Too many fish online dating
On the three hour drive home, Husband and I–seriously concerned by our daughter’s inability to enjoy the moment–made a point to talk about all the neat stuff we had seen, what our favorite reptiles were, and how funny Trouble had been holding the snake. In the weeks that followed, Chuck and I talked a lot about how we were going to handle this lack of contentment we were noticing.By the time we made it home the Build-a-Dino had been forgotten. Then one morning near the end of July, after telling my kids to clean their room for the umpteenth time, I made the somewhat impulsive–albeit pre-warned–decision to take away ALL their stuff.When I first became a mom I was so happy to have a chance to start over, to undo through my children all the wrong that was done to me, to give them everything I felt I had missed out on.I wanted our lives to be perfect, and my vision of perfection included a perfectly decorated bedroom filled with beautiful things, a life where they would want for nothing.The girls watched me in stunned silence for a few minutes and then, when the shock wore off, they helped. I had no idea what a dramatic difference this one semi-impulsive decision would make in all our lives.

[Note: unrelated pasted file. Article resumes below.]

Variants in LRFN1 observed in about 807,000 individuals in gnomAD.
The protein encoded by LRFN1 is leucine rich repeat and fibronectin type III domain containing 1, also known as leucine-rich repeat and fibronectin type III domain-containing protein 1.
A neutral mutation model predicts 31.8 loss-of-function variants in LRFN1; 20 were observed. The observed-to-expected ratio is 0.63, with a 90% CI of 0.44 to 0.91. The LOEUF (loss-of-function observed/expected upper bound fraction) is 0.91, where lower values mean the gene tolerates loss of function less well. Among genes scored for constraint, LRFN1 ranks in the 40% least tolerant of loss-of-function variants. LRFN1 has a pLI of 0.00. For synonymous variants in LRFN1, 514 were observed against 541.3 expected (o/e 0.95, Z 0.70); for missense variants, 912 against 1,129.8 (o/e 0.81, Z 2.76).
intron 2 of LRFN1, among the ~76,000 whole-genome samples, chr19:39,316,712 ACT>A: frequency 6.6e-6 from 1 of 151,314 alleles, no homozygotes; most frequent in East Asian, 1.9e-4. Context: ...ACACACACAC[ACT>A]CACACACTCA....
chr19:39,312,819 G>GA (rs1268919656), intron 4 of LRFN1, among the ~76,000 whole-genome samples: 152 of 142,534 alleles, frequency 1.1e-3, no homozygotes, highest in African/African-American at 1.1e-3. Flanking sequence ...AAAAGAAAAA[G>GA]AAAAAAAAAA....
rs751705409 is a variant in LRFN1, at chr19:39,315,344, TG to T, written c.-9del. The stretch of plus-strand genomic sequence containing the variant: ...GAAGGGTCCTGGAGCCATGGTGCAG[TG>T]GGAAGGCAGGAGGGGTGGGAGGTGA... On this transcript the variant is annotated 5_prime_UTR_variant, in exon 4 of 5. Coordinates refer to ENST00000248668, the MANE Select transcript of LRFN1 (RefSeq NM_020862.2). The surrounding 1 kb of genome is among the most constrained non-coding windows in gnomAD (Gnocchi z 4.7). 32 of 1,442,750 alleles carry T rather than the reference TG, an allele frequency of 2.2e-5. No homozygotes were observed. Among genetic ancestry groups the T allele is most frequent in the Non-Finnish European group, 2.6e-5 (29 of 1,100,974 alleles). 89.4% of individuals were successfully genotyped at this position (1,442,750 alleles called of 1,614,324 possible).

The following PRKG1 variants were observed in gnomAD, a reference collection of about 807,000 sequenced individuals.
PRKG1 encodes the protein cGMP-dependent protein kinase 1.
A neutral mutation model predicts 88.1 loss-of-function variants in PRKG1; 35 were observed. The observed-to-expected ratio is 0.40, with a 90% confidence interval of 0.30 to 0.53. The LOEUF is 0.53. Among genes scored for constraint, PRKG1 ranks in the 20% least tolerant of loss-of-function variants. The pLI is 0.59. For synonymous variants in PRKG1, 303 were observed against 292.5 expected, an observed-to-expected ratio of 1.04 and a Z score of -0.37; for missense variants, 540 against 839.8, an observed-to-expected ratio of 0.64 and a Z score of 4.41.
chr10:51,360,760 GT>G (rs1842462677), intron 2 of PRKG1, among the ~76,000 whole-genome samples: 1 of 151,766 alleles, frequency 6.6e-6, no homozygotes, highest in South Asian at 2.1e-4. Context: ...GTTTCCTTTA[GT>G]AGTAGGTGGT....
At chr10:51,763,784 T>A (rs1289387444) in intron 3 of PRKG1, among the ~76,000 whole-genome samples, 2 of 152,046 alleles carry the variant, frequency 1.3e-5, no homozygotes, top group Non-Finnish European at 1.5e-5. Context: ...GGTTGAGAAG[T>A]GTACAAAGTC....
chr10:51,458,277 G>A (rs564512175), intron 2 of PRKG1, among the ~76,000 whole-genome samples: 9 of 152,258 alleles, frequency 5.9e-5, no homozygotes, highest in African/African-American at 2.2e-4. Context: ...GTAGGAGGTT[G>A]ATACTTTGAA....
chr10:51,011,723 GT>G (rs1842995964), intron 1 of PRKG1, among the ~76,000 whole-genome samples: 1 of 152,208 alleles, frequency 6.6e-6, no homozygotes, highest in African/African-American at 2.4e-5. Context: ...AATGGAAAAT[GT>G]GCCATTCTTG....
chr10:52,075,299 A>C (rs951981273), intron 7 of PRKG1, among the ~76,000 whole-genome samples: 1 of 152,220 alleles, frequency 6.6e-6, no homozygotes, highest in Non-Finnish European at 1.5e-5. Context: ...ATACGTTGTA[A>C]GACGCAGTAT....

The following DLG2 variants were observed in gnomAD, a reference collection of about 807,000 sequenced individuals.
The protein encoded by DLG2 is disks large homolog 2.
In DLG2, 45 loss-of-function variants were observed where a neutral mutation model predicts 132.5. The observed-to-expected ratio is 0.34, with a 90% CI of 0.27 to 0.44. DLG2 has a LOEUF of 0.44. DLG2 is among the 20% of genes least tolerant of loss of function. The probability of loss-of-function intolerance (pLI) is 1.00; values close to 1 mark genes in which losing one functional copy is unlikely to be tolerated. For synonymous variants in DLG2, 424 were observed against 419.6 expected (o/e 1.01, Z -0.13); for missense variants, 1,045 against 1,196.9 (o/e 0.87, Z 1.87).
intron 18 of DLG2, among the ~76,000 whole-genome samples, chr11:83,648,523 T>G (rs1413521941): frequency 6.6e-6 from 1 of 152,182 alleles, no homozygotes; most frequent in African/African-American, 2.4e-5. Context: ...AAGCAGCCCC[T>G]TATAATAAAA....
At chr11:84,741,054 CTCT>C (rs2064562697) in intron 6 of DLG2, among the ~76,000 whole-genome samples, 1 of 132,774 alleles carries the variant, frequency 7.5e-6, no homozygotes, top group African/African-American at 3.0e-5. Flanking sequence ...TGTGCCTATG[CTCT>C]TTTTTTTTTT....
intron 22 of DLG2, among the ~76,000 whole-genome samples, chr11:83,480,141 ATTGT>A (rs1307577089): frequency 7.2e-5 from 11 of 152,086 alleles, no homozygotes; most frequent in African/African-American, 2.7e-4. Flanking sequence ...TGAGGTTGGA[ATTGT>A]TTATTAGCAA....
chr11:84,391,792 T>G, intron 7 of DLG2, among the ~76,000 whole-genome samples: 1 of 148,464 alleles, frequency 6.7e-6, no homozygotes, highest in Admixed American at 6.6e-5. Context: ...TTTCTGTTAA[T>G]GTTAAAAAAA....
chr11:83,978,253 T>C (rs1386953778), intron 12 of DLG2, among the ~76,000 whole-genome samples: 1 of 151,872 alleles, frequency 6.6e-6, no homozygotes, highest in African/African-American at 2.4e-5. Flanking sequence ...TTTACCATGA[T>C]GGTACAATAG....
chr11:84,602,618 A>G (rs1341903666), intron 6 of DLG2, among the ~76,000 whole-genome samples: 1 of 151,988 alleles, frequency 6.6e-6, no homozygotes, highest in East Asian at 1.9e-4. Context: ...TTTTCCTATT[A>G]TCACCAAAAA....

I even took the pretty Pottery Barn Kids comforter from their bed.
(The rest has more or less been forgotten and will soon make it’s way from the attic to the Goodwill pile.) What I love even more is that they are able to recognize excess on their own.
Aside from a favorite stuffed animal and the comforter on their bed, (which they both earned back), neither of them actually want their toys back on a permanent basis.
In contrast to our last outing and for the first time the entire weekend.
Not a toy, not a cheesy souvenier, not a light-up necklace from a passing street vender. We passed hundreds of shops and they loved looking in the window, but they were content just to be.
Had I not experienced it with my own eyes, I would’ve never believed that an addiction to stuff could be broken that quickly.